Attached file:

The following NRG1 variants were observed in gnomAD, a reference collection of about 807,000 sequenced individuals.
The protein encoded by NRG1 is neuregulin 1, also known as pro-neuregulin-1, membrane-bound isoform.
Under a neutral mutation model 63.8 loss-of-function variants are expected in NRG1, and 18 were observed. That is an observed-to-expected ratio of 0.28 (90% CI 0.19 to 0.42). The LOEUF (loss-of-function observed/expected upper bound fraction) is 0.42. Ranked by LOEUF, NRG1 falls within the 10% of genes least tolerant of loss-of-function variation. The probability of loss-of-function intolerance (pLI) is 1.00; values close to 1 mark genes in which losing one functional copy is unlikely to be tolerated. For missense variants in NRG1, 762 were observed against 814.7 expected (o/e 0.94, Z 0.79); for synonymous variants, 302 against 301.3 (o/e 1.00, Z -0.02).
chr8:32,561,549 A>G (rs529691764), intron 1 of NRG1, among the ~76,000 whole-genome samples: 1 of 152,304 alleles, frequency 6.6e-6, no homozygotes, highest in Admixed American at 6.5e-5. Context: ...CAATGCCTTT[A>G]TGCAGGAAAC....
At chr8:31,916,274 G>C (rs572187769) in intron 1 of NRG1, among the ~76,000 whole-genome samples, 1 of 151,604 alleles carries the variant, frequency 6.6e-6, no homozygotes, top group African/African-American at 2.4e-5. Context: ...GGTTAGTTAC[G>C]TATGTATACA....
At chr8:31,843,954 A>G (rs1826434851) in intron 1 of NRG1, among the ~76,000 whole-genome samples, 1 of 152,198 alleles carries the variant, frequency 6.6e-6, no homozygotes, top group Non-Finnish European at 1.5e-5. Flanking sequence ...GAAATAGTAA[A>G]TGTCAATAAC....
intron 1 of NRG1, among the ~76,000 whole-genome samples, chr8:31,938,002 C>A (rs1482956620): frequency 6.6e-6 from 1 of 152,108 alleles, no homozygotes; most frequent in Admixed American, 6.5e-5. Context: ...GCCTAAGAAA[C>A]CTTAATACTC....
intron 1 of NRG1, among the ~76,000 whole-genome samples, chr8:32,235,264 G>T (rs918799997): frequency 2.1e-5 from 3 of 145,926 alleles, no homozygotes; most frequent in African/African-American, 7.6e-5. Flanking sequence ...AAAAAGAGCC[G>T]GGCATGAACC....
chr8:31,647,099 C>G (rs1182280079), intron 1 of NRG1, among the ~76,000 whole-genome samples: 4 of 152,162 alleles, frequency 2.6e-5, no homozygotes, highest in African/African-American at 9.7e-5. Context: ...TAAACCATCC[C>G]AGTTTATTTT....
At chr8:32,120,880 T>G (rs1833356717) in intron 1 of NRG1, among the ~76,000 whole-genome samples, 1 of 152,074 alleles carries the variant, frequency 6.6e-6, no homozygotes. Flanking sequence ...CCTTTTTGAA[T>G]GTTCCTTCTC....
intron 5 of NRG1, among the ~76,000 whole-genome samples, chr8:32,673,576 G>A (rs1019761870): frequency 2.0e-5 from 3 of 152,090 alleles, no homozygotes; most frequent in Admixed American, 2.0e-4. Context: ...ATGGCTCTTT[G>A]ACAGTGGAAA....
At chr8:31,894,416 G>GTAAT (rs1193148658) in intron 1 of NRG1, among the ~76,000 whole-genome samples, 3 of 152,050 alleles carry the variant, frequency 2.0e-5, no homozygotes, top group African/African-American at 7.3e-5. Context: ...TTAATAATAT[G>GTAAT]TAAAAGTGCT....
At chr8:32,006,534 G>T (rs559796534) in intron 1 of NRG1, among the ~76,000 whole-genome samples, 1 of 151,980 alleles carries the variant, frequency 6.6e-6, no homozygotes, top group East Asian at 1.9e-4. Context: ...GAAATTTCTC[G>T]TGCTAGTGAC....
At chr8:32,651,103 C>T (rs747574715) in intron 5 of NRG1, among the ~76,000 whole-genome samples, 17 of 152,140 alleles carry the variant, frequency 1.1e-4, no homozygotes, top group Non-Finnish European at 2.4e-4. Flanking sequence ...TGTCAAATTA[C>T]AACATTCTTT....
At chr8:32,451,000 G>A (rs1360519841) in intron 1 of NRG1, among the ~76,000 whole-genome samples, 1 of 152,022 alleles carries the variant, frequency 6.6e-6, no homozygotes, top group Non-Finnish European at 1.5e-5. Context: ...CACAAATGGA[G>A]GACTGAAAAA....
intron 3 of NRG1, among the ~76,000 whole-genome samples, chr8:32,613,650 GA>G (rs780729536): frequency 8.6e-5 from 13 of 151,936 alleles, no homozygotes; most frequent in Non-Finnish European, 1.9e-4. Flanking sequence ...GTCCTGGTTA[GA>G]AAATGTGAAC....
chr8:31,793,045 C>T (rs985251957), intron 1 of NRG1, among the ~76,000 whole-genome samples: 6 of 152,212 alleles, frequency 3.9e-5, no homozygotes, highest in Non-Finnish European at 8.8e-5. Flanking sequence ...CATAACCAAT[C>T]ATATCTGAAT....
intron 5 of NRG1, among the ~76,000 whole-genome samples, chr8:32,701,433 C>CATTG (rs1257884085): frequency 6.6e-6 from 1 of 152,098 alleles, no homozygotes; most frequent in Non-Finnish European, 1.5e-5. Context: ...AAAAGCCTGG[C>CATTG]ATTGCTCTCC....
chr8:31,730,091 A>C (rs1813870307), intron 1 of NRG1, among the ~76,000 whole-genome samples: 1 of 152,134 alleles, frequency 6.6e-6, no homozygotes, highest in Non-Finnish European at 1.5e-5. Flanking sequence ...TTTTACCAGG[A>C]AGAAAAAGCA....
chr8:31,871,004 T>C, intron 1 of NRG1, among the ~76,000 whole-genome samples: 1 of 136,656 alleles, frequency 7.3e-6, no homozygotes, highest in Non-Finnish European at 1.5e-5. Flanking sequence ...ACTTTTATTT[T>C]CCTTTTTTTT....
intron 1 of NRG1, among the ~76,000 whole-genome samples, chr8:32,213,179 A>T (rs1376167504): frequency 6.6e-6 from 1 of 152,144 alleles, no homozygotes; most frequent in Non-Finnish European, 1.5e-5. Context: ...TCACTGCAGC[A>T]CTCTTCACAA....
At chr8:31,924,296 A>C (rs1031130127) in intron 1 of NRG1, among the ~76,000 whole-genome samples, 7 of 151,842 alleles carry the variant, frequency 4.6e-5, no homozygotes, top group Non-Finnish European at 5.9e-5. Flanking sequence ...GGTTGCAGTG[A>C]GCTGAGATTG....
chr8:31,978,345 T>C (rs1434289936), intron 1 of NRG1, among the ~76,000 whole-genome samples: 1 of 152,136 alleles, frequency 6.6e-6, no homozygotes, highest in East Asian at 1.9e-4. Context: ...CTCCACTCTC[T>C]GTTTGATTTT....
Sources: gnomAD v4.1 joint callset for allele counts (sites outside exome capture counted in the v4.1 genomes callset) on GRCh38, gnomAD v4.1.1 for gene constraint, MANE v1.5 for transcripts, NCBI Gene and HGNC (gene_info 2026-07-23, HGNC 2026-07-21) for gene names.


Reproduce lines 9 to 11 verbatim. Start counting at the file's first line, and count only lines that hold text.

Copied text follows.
chr8:31,647,099 C>G (rs1182280079), intron 1 of NRG1, among the ~76,000 whole-genome samples: 4 of 152,162 alleles, frequency 2.6e-5, no homozygotes, highest in African/African-American at 9.7e-5. Context: ...TAAACCATCC[C>G]AGTTTATTTT....
At chr8:32,120,880 T>G (rs1833356717) in intron 1 of NRG1, among the ~76,000 whole-genome samples, 1 of 152,074 alleles carries the variant, frequency 6.6e-6, no homozygotes. Flanking sequence ...CCTTTTTGAA[T>G]GTTCCTTCTC....
intron 5 of NRG1, among the ~76,000 whole-genome samples, chr8:32,673,576 G>A (rs1019761870): frequency 2.0e-5 from 3 of 152,090 alleles, no homozygotes; most frequent in Admixed American, 2.0e-4. Context: ...ATGGCTCTTT[G>A]ACAGTGGAAA....